We present this case to bring to attention the importance of the clinical history in headache patients and subtle findings on neuroimaging that may indicate a secondary etiology for headache. Headache, as a presenting symptom to the ED, is common, accounting for 2.4% of all ED visits in the United States.[7] Approximately 60% of the headache admissions to the hospital are for the treatment of migraine headaches. However, secondary causes of headaches are not uncommon constituting about 40% of the total headache admissions.[8]

DHE has effects at multiple receptors including dopaminergic, adrenergic, and several serotonergic receptors. The drug's action of agonism of serotonin receptors (5-HT1B, 5-HT1D) results in vasoconstriction of meningeal vessels and helps to inhibit trigeminal peptide release which assists in pain relief during headaches and has a further vasoconstrictor effect on cerebral arteries due to their sympathetic innervation.[9] Currently, the use of DHE is contraindicated in the setting of known peripheral arterial disease, prior history of ischemic stroke, history of coronary vasospasm (angina), and history of basilar and/or hemiplegic migraines.[10] The finding of blooming artifact on neuroimaging is not an absolute contraindication for the use of DHE, because history of prior cerebral hemorrhage is not listed as a contraindication to DHE although case reports have reported DHE causing intracerebral and subarachnoid hemorrhages as well as worsening vasospasm.[11]

Our patient presented with RCVS as heralded by the onset of the thunderclap headache as well as the small occipital hemorrhage seen on initial neuroimaging that was interpreted as an asymptomatic vascular malformation. Prior to the administration of DHE, our patient developed the “Alice in Wonderland phenomenon,” which is a visual distortion symptom that may have been secondary to the posterior circulation ischemia and/or evolving occipital hemorrhage. The pathophysiology of RCVS includes cerebral vasoconstriction starting in distal vessels.[12] In our patient, this vasoconstriction following DHE administration likely precipitated the initial intracerebral hemorrhage. Additionally, vasoactive drugs (triptans and ergot alkaloids) can exacerbate cerebral vasoconstriction, precipitate arterial vasospasm, and lead to complications like multi-focal intracerebral hemorrhage, infarction as described in our case.[12] Our objective is to raise awareness of the importance of screening naïve patients before using intravenous DHE for any abnormalities in imaging that may suggest a secondary cause of headache, such as RCVS rather than migraine.

   Conclusions Top

RCVS and cerebral vascular malformations are not listed as a warning or contraindication to the use of DHE. We would suggest that patients with a suspected diagnosis of RCVS and neuroimaging evidence of blooming artifact be warned against the use of DHE and by extension other abortive migraine therapies that precipitates vasoconstriction. We conclude that a new onset headache in a patient with prior history of migraine warrants further structural and vascular neuroimaging to rule out RCVS and vascular malformations prior to initiating DHE therapy.

Declaration of patient consent

The authors certify that they have obtained all appropriate patient consent forms. In the form, the patient has given her consent for her images and other clinical information to be reported in the journal. The patient understand that name and initials will not be published and due efforts will be made to conceal identity, but anonymity cannot be guaranteed.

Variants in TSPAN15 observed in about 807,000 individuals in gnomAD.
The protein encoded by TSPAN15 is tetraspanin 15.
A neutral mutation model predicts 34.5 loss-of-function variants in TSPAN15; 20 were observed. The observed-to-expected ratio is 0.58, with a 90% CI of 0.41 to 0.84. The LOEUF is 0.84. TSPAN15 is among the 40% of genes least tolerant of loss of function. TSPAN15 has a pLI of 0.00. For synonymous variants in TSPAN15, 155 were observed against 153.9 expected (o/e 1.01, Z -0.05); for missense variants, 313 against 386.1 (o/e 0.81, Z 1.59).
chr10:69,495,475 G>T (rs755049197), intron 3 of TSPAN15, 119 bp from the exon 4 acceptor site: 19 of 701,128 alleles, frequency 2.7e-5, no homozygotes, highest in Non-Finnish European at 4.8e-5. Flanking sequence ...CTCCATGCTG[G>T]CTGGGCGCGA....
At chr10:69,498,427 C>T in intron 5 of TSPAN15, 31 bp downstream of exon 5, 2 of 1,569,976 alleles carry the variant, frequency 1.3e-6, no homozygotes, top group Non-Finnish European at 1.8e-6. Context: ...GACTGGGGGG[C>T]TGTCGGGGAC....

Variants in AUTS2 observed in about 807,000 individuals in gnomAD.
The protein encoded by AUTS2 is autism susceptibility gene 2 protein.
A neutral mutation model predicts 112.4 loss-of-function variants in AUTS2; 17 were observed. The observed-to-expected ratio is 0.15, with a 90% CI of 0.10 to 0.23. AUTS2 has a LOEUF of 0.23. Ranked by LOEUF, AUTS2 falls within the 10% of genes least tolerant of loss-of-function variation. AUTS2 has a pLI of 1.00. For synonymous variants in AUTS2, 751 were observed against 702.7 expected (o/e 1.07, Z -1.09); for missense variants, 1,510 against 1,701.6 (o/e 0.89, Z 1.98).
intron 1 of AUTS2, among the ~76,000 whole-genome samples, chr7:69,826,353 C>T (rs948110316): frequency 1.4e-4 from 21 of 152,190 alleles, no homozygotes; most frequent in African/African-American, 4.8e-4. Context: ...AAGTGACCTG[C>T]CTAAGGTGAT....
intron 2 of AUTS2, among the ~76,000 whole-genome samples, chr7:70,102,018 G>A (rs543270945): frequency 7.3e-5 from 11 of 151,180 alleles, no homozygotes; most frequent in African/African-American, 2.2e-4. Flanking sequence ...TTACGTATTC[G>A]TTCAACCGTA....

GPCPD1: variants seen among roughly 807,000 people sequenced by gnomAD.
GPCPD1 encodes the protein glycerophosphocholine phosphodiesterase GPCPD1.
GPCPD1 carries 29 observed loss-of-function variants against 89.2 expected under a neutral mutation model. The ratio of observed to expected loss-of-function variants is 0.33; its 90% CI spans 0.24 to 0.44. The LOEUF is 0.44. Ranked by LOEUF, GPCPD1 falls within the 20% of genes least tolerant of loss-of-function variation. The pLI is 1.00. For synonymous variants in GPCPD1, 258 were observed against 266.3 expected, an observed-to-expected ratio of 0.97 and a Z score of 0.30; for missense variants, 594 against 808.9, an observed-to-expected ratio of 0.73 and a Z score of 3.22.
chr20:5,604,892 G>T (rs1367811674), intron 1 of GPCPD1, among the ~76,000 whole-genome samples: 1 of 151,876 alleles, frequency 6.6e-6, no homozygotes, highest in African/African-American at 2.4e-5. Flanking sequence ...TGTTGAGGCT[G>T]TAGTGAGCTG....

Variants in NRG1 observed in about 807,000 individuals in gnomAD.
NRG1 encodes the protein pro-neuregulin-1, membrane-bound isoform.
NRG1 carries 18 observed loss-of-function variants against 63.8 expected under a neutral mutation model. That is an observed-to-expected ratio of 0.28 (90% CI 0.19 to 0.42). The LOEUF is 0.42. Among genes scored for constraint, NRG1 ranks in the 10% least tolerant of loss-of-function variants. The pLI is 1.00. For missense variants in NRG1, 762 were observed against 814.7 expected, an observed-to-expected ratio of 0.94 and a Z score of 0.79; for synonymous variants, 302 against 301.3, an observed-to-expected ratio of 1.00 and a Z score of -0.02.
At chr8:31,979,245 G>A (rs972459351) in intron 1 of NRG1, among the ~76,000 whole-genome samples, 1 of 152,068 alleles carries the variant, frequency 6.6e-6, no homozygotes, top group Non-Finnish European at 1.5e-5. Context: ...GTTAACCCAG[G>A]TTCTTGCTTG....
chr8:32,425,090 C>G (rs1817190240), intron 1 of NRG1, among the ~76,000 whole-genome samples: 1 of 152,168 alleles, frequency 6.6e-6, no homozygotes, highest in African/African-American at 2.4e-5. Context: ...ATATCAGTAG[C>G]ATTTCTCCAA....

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Conflicts of interest

There are no conflicts of interest.

   References Top

Ducros A, Hajj-Ali RA, Singhal AB, Wang SJ. Reversible cerebral vasoconstriction syndrome. JAMA Neurol 2014;71:368.  Back to cited text no. 1
Ducros A, Fiedler U, Porcher R, Boukobza M, Stapf C, Bousser MG, et al. Hemorrhagic manifestations of reversible cerebral vasoconstriction syndrome: Frequency, features, and risk factors. Stroke 2010;41:2505-11.  Back to cited text no. 2
Ducros A, Wolff V. The typical thunderclap headache of reversible cerebral vasoconstriction syndrome and its various triggers. Headache 2016;56:657-73.  Back to cited text no. 3
Mawet J, Debette S, Bousser MG, Ducros A. The link between migraine, reversible cerebral vasoconstriction syndrome and cervical artery dissection. Headache 2016;56:645-56.  Back to cited text no. 4
Oz O, Demirkaya S, Bek S, Eroǧlu E, Ulaş UH, Odabaşi Z, et al. Reversible cerebral vasoconstriction syndrome: Case report. J Headache Pain 2009;10:295-8.  Back to cited text no. 5
Mathew PG, Krel R, Buddhdev B, Ansari H, Joshi SG, Spinner WD, et al. Aretrospective analysis of triptan and DHE use for basilar and hemiplegic migraine. Headache 2016;56:841-8.  Back to cited text no. 6
Friedman BW, Grosberg BM. Diagnosis and management of the primary headache disorders in the emergency department setting. Emerg Med Clin North Am 2009;27:71-87, viii.  Back to cited text no. 7
Cerbo R, Villani V, Bruti G, Di Stani F, Mostardini C. Primary headache in emergency department: Prevalence, clinical features and therapeutical approach. J Headache Pain 2005;6:287-9.  Back to cited text no. 8
Baron EP. Headache, cerebral aneurysms, and the use of triptans and ergot derivatives. Headache 2015;55:739-47.  Back to cited text no. 9
Dahlöf C, Maassen Van Den Brink A. Dihydroergotamine, ergotamine, methysergide and sumatriptan – Basic science in relation to migraine treatment. Headache 2012;52:707-14.  Back to cited text no. 10
Ducros A, Boukobza M, Porcher R, Sarov M, Valade D, Bousser MG, et al. The clinical and radiological spectrum of reversible cerebral vasoconstriction syndrome. A prospective series of 67 patients. Brain 2007;130:3091-101.  Back to cited text no. 11
Topcuoglu MA, Singhal AB. Hemorrhagic reversible cerebral vasoconstriction syndrome: Features and mechanisms. Stroke 2016;47:1742-7.  Back to cited text no. 12


  [Figure 1], [Figure 2], [Figure 3], [Figure 4]